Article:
There is a women’s cooperative in Leon, Nicaragua, dedicated to reviving and passing forward some dying indigenous history.

Specifically, they are working to preserve ancient recipes. First, they draw upon their collective knowledge of recipes, and then they teach each other. After that, they open their homes so that they can teach interested parties, often tourists.

Byron, a devoted cook, booked us a morning of learning from a woman who is part of this cooperative. Physically, he was almost acquiver with the anticipation. For him, to stand in someone’s kitchen in another country and learn what they do feels like a true Christmas.

Our lesson started when Dona Flor came to our hotel and picked us up. She spoke no English; we have limited Spanish.

With the “no worries” stroll of a Latin American, she led us to a nearby market, a crammed jumble of a place–as all good markets should be–the entrance to which we would never have noticed, had she not led us in.

At the first stall, Dona Flor bought cheese. In the traditional Nicaraguan breakfast, this cheese is fried. For the recipe she taught us, it was grated.
Next, she bought some peppers.


Do you see lemons?
No, you don’t. ‘Cause ain’t none.
Can Paco find a lemon? Paco cannot. Find none lemon.
Oh, you can look and look, Waldo, but you will never find even uno limon.
None lemons in hand, but plenty of other good stuff purchased, Dona Flor shepherded us onto a bus to her neighborhood. Not only was it properly rundown and creaky, central casting had been kind enough to send over a guy holding a live chicken.
Once we reached Dona Flor’s part of town, we again followed in her thrall. At one point, Byron wondered aloud, “How would I say ‘shady side of street’?” But then, with that “no worries” stroll of hers, Dona Flor naturally migrated shadeward.
When we got to her house, Dona Flor called out to her Mami to come open the gate. Dona Flor is 58; her husband died two years ago; she has two sons, one 28 and one 19. The 19-year-old is the father of her first grandchild. All of this, I learned during the bus ride. I don’t speak Spanish. In other words, World, go somewhere and don’t fret if you don’t speak the language. Just be ready to smile a lot and use huge gestures. Works for me.
Once inside, we were seated at the dining room table and given cold water, which may have saved Paco from an early death. Kid gets hot.
While we drank cold water, and Dona Flor bustled around in the kitchen, pulling out pans, prepping for us to enter, we listened to the sweet mewls and cries of her one-month-old grandbaby. I felt strongly that the baby wanted me to hold it. No one else seemed to speak Baby, though. They just thought she was crying.

The entree was a kind of stew called Indio Viejo (Old Man). Its base is a bunch of fresh masa diluted with water and beef stock. To start the dish, sautee some onions and peppers in oil. Then run out to the field and pluck some fresh masa off the nearest Masa Tree.
Dona Flor’s kitchen is looong. I love the industrial scale hanging from the ceiling. I also am enough of an animal that I enjoyed the complete lack of dish soap or a cloth or sponge as she washed up a few plates.
Remember the part about sauteeing onions and peppers? DUH.
The fresh masa came in a plastic sack; there were about five palm-sized balls that Dona Flor smooshed up with some paprika, for color, before adding crema and beef broth.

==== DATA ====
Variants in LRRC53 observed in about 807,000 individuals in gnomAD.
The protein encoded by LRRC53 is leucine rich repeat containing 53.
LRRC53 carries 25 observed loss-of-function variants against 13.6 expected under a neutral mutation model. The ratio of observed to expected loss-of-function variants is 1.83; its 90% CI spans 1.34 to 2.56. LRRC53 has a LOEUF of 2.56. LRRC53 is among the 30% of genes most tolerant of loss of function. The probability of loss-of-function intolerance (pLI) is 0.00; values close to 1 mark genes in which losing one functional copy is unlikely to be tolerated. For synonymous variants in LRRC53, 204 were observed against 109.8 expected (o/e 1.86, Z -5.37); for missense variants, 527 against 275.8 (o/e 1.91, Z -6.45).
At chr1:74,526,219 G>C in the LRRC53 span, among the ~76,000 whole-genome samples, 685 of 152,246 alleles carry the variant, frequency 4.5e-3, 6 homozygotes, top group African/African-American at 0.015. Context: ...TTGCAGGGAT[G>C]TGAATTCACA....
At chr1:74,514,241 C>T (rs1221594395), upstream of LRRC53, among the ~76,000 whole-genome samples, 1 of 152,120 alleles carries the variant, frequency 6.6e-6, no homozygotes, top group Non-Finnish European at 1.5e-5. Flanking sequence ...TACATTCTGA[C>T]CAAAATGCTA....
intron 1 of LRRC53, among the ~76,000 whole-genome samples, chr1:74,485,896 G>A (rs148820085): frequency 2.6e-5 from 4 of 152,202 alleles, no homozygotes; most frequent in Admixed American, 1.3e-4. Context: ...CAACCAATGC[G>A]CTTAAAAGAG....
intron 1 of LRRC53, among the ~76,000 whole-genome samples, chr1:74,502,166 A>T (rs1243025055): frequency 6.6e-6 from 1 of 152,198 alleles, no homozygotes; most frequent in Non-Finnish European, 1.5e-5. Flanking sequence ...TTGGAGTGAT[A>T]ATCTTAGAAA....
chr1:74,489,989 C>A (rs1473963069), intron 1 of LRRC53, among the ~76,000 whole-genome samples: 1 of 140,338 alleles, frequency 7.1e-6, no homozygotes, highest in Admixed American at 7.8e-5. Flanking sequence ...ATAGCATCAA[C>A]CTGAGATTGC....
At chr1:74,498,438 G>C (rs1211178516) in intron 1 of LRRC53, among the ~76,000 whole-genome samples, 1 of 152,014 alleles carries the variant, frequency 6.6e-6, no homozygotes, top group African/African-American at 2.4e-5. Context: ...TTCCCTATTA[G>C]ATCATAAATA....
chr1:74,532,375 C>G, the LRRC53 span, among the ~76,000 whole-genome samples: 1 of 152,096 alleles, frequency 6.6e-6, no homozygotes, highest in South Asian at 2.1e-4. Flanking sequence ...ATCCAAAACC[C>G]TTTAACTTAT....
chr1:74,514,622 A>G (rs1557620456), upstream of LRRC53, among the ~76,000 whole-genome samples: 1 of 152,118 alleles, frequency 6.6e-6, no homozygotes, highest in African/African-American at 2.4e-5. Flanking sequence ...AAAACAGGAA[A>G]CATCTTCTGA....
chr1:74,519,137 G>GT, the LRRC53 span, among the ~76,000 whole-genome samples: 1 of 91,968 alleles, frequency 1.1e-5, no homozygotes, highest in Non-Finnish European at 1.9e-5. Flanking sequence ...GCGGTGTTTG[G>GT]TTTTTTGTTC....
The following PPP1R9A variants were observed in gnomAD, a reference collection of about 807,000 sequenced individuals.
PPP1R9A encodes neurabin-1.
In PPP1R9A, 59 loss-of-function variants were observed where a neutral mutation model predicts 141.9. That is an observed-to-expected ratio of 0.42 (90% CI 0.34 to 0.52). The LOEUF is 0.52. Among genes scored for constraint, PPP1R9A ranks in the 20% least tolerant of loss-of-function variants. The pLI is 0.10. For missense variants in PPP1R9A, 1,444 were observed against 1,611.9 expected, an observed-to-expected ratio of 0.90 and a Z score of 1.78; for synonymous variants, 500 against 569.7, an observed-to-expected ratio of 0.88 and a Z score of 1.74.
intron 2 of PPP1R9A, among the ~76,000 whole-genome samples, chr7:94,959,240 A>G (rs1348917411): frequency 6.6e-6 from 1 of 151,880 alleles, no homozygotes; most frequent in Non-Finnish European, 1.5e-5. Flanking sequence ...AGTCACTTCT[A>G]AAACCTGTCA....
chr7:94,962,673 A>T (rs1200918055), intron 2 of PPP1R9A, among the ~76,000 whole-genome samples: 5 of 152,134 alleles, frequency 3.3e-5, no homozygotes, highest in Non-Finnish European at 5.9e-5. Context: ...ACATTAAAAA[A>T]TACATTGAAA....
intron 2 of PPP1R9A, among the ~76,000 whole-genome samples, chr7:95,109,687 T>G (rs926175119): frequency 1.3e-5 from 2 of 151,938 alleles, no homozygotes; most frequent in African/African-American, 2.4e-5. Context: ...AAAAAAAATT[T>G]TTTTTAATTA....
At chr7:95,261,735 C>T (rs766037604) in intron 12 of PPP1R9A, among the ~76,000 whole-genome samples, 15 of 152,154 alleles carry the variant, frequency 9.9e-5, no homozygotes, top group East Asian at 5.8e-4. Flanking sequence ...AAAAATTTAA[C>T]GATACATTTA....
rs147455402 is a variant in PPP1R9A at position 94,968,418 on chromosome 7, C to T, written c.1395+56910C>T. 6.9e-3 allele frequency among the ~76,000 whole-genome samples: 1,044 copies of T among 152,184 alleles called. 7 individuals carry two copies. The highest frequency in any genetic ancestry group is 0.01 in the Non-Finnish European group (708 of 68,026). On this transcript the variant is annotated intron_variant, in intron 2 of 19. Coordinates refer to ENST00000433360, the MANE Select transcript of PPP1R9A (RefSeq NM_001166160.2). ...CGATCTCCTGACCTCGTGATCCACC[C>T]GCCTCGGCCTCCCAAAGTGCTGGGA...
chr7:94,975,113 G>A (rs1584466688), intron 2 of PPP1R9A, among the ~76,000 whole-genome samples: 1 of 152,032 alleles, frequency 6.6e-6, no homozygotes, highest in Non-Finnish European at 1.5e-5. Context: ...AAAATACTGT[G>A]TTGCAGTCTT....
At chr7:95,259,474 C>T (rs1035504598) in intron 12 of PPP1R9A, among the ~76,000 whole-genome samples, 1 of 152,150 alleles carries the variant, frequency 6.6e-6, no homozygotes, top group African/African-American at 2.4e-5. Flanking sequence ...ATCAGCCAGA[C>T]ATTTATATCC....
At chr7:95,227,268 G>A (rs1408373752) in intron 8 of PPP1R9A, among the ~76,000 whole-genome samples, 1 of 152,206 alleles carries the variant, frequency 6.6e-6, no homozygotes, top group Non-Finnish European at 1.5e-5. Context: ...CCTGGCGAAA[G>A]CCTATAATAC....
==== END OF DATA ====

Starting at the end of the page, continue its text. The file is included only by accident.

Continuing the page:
While the stew thickened, Dona Flor showed us how to make tosterones, which are twice-fried plantains. Can one ever fry a plantain too much? we mused, philosophically.
After the initial frying, the plantains come out of the oil, put under a piece of plastic cling film, and smashed with a drinking glass. Allegra’s massive upper body strength overwhelmed one or two of the weaker medallions.
Everyone took a turn at plantain smashing, for, as the old adage goes, “The family that smashes plantains together remains silent during long taxi rides together.”
This is where Paco was sitting while the rest of us shredded beef and smashed plantains. He had to drink more water. Were you paying attention before? KID GETS HOT.
I feel like we haven’t really stared enough at smashed plantains yet. So here.
After a second frying of the plantains, the tosterones were done. At that same time, the Indio Viejo stew was also done (shredded beef and grated cheese were added midway in the process). Why, yes, that is fresh papaya/orange juice you see! All of it was so fantastic that it kicked even Paco’s sweaty softness into recovery.
Once we’d finished eating and paid Dona Flor, she walked us back to the corner to catch the bus back to our part of the city. Once it arrived, she gave a good shout to the muchacho handling the money, telling him to be sure we got off near the university. Friends, I kissed her goodbye. I did.
I mean, the food was good and all, but you know what really restored Paco’s spirits?
And now we have this recipe, written in Dona Flor’s hand, recording a recipe used by her great-great-great-great-a-hundred-great-grandmothers. It is the best possible souvenir.







2 responses to “Cocinar”

  1. Kirsten, the sister Avatar
    Kirsten, the sister

    Two comments: !). I speak baby. 2). I’d SOOO do this!

  2. kmkat Avatar

    Those balls of masa harina are ubiquitous. Andrew ate them, mashed into water for many meals in Chiapas. He was not fond of them.

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